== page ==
HOW TO TASTE 300 WINES OVER THE WEEKEND AND
LIVE TO TELL ABOUT IT
Back in 1896 the organizers of the Olympics came
up with the idea of a long distance foot race. The idea was transplanted
by some Bostonians and they've been holding the Boston Marathon since
1897. San Francisco has its Bay to Breakers.
The City also hosts an amazing annual wine tasting competition organized under
the auspices of Anthony Dias Blue, wine editor of Bon Appétit magazine.
"Andy" runs a terrific event. Well, he thinks he
runs it, but it's really coordinated by a delightful woman named Carol Seibert
and a cast of about a thousand volunteers.
These people manage to organize, and I mean organize, approximately 35-40 wine
judges from around the country and the pouring of something like 3,800 wines for
evaluation by the various panels. Then they manage to tabulate the
results, an even more Herculean task!
The judges are invited to a dinner on Friday night
and it's a good opportunity to renew old acquaintances and make new ones.
We're "treated" to wines from a winery who entered a bunch of wines
the previous year and whose wines fared well.
I cheated and brought some bottles in my "traveling cellar" bag, much
to the delight of some of people sitting at my table. The food is nice,
but it's really the people that make this a memorable event.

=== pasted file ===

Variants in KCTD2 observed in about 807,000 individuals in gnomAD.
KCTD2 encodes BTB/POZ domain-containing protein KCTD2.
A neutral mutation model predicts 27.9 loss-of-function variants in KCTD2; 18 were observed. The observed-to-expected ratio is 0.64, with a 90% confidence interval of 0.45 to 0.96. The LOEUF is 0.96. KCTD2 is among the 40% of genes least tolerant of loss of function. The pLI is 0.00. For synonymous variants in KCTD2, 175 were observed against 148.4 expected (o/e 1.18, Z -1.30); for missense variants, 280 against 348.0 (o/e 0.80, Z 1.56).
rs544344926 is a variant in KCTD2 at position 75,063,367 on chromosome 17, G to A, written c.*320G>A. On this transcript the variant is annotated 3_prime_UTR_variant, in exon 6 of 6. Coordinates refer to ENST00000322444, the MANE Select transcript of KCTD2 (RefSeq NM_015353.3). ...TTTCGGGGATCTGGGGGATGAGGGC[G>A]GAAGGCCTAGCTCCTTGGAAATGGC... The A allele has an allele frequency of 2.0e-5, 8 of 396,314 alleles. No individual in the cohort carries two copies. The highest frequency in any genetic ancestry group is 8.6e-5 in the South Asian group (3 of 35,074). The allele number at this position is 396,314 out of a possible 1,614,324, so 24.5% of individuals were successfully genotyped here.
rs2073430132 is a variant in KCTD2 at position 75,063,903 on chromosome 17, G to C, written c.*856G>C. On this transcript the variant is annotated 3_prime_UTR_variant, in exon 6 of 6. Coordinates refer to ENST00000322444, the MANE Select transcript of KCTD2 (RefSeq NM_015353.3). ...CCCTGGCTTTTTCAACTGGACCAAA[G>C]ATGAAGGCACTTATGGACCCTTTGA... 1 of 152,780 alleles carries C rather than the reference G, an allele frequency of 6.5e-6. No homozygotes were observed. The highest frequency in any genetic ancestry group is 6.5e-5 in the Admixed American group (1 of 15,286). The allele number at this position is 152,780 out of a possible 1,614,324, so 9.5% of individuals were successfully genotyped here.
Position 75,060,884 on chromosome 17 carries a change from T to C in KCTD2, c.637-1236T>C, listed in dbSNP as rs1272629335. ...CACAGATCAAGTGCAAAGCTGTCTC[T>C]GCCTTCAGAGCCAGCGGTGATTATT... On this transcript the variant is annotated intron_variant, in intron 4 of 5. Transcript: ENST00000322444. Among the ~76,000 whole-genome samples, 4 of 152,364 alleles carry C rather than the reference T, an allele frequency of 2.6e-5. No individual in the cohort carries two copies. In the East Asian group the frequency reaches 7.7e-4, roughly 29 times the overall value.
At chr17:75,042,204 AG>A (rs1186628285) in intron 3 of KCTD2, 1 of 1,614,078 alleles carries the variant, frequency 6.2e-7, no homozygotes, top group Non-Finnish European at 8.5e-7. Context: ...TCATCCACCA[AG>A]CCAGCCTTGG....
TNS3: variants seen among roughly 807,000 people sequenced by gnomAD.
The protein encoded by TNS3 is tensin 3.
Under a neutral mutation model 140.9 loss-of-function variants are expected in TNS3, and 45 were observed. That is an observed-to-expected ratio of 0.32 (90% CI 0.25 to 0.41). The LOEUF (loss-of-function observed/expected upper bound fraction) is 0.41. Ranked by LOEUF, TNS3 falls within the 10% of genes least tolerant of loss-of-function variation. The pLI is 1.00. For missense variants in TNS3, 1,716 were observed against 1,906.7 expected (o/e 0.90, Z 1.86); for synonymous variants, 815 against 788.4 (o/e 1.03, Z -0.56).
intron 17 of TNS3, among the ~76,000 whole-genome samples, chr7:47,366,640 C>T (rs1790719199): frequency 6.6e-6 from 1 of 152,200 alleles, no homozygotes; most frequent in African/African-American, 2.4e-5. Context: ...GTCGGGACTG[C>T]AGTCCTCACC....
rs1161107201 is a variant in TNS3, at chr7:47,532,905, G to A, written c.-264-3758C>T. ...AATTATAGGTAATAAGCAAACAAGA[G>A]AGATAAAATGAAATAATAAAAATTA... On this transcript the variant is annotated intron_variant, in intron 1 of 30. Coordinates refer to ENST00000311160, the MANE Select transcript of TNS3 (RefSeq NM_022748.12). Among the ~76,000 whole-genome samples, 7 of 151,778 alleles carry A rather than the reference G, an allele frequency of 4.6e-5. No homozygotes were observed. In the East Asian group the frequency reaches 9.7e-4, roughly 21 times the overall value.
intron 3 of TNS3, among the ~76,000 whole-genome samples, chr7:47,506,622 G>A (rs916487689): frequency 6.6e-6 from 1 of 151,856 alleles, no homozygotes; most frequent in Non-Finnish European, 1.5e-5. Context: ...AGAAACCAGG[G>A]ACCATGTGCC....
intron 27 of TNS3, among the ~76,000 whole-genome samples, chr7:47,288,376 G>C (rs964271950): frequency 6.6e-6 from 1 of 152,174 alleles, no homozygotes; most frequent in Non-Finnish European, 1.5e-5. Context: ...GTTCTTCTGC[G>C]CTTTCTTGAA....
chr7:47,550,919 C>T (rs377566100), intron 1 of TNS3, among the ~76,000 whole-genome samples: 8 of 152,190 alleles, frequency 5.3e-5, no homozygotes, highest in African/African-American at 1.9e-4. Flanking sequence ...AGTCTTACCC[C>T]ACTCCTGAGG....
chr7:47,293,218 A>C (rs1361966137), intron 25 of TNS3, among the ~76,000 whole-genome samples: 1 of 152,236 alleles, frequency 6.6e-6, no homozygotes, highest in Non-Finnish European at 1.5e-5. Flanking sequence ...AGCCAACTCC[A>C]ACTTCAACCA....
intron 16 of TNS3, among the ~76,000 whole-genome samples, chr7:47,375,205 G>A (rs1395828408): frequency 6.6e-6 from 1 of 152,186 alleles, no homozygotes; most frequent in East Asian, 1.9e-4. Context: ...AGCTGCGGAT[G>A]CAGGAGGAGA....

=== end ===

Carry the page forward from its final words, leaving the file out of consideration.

The judges are organized into panels of three or four. Some panels have
been tasting together for many years. Others are thrown together for the
first time. Some people are invited year after year. Others are, as
Andy said about someone last year, "voted off the island."
The volunteers are amazing, devoting, essentially, a wasted weekend to
schlepping carriages full of wine glasses, each coded to a particular
wine. Keeping track of the results is a monumental task. So is
washing thousands of wine glasses! Somehow these people manage to smile
through the whole event.
The judges are presented a list of what their particular panel's
"marathon" entails. This year my panel is tasting:
43 Chardonnays of the 2000 vintage
31 Viogniers of 2000 & 2001
31 Pinot Gris wines of 1998-2000
87 Cabernet Sauvignon wines of 2000
58 Zinfandels of 2000
19 Rosé wines of various vintages
8 Fruit wines and Fruit-Flavored Wines
We don't know who made the wines, where they come from or how many arms &
legs the winery is asking for these. Sometimes we'll hazard a guess about
the origins of a wine. The volunteers were impressed that I correctly
nailed the origin of a Chardonnay we taste. I said it was from Long
Island. Keep in mind a broken clock is correct twice during the course of
You'd think that if a winery is sending a five bottles of a particular wine,
plus $60 for the privilege of having their vinous nectar sipped and spit, they'd
be sending something of reasonably good quality.
We taste quietly and independently, each judge deciding if a wine is worthy of
some sort of citation such as a gold medal, silver medal, bronze medal or a
"better luck next time, thanks for playing."
I have another level of quality called "STW."